The School of Theology•Seminary of Saint John's University sponsors an annual Monastic Institute to provide continuing education and spiritual enrichment for American monastics and all those interested in monastic spirituality and practice. One Heart, One Soul revisits the 2006 institute and its focus on the future with such important questions as: How do the origins, history, and present state of Benedictine monasticism point to the viability of its future? How can the new intentional communities contribute to the revitalization of Benedictine monasticism today? In what ways do the Benedictine Rule and its array of communal arrangements and the perspectives of these members and oblates inspire and provide the scaffolding for new communities of life and hope in our modern world? Attempts to answer these questions showcase the theme of unity in diversity and address Benedictine monasticism in broad, institutional strokes as well as in the very specific practices and narratives of monastics, oblates, and others living in various communities. In this volume, you will hear the voices of many community members—young and old, men and women, Benedictines and intentional community members—all speaking from the heart of their lived experience and wisdom. Mary Forman, OSB, PhD, is a Benedictine sister from the Monastery of Saint Gertrude, Cottonwood, Idaho. She is associate professor of theology, teaching monastic studies and theology at the College of Saint Benedict and Saint John’s University in Central Minnesota.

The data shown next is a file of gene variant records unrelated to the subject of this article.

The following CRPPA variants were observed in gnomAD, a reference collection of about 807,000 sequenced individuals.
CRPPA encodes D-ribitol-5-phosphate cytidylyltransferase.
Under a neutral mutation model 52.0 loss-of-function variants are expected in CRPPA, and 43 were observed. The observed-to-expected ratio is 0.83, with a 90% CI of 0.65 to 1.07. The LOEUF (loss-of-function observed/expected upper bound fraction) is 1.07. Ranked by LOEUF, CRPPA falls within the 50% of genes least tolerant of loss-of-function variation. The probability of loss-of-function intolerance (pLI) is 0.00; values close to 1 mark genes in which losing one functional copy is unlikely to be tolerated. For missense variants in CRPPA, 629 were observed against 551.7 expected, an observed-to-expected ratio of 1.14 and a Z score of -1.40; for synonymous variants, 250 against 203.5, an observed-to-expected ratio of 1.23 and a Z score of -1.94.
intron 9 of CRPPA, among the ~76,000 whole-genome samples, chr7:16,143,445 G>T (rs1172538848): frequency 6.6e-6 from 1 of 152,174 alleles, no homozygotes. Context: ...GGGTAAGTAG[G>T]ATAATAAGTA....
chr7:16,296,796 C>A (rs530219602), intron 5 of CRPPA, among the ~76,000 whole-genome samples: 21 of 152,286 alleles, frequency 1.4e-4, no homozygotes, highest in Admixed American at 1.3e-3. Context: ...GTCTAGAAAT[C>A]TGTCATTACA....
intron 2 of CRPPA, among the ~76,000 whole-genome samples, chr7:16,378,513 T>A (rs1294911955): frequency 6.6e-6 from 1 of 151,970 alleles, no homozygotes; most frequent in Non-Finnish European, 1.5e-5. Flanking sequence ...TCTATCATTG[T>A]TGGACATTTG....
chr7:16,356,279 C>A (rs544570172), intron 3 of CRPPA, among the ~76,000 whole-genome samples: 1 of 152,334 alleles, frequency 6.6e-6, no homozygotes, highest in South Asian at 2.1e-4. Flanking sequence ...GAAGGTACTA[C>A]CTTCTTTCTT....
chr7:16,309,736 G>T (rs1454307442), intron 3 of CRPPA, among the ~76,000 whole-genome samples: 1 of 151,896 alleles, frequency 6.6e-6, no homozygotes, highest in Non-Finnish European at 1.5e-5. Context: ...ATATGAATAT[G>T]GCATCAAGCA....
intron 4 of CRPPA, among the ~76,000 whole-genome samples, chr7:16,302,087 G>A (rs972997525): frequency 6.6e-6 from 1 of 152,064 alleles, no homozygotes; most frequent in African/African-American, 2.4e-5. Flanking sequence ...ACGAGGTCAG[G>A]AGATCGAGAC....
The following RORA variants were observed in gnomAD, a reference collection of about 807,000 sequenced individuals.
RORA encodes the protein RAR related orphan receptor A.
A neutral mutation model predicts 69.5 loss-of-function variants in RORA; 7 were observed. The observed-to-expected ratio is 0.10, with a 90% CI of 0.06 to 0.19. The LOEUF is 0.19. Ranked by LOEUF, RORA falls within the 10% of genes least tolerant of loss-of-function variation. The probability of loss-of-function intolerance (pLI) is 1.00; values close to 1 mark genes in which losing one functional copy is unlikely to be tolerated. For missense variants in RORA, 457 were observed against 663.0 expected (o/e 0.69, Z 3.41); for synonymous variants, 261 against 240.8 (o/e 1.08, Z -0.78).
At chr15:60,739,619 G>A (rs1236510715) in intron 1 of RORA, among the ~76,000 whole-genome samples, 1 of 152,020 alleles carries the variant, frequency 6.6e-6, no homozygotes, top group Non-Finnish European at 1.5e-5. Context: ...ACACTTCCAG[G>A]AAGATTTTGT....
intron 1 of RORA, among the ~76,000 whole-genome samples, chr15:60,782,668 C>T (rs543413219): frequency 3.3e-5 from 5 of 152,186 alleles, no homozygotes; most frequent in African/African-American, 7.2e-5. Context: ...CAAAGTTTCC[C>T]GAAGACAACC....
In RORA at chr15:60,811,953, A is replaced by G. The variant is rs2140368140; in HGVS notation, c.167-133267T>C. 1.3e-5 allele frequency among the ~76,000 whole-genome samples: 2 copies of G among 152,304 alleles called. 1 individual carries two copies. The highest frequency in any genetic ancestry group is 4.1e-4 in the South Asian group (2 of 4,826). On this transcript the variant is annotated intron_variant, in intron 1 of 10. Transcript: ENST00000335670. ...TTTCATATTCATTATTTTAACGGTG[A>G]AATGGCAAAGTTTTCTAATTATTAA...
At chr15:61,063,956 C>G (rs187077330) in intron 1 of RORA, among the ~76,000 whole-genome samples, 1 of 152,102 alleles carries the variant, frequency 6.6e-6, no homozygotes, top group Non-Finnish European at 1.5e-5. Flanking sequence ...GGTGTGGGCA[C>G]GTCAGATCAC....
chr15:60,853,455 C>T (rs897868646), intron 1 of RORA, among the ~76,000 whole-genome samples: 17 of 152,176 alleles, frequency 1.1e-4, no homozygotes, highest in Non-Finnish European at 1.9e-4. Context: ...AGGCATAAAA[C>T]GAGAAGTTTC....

"I am in a place of excellence, peace, and earthiness," wrote the young American in his journal, "with an unbelievable knowledge of clay." That place was a heavily wooded mountain valley on the island of Kyushu in southern Japan. The date was August 1975. And the 22-year-old with bright eyes and an easy smile was Richard Bresnahan, a small-town boy from eastern North Dakota. Three-and-a-half years later, he had acquired such formidable skills that his famous sensei, or teacher, Nakazato Takashi gave him the title of "master potter." After returning to the United States, Bresnahan accepted an offer from Saint John's University in Collegeville, Minnesota, to be its first artist-in-residence. In the summer of 1979, he set up his initial studio on campus and that fall built a climbing kiln: a Japanese-style wood-fired noborigama. This book celebrates the 30th anniversary of the Saint John's Pottery, another place of resounding excellence, where unique collaborations occur daily between experts and novices, teachers and apprentices, humans and nature. At the same time, the text documents "Stoked," an exhibition featuring the work of several talented potters who studied with Richard Bresnahan and then became masters in their own right: Kevin Flicker, Stephen Earp, Samuel Johnson, and Anne Meyer. Lavishly illustrated with nearly 90 color photographs, Stoked: Five Artists of Fire and Clay explores a range of contemporary American ceramics: from the robust stonewares of Bresnahan, Flicker, and Johnson to the whimsical redwares of Earp and the elegant sculptures of Meyer. The essays reveal each individual's search for identity and the cross-fertilization that inevitably occurs when creative people from diverse backgrounds are mindful not only of the past but of generations yet to come.Matthew Welch has been on staff at the Minneapolis Institute of Arts since 1990. He has coauthored several books and in 2001 wrote the award-winning Body of Clay, Soul of Fire: Richard Bresnahan and the Saint John's Pottery. A specialist in Japanese Zen painting, Welch spent four years at Kyoto University as a Fulbright scholar and received his PhD in Asian art from the University of Kansas. As curator of Japanese and Korean art at the Institute, he has organized eleven exhibitions, including "First Fire," which featured ceramics by Richard Bresnahan from the inaugural firing of Saint John's Johanna kiln. In 2008, the museum made Welch its assistant director for curatorial affairs, and since 2003 he also has served on the editorial board for Saint John's University Press. He lives in Minneapolis in a Japanese-style house with his wife and two children.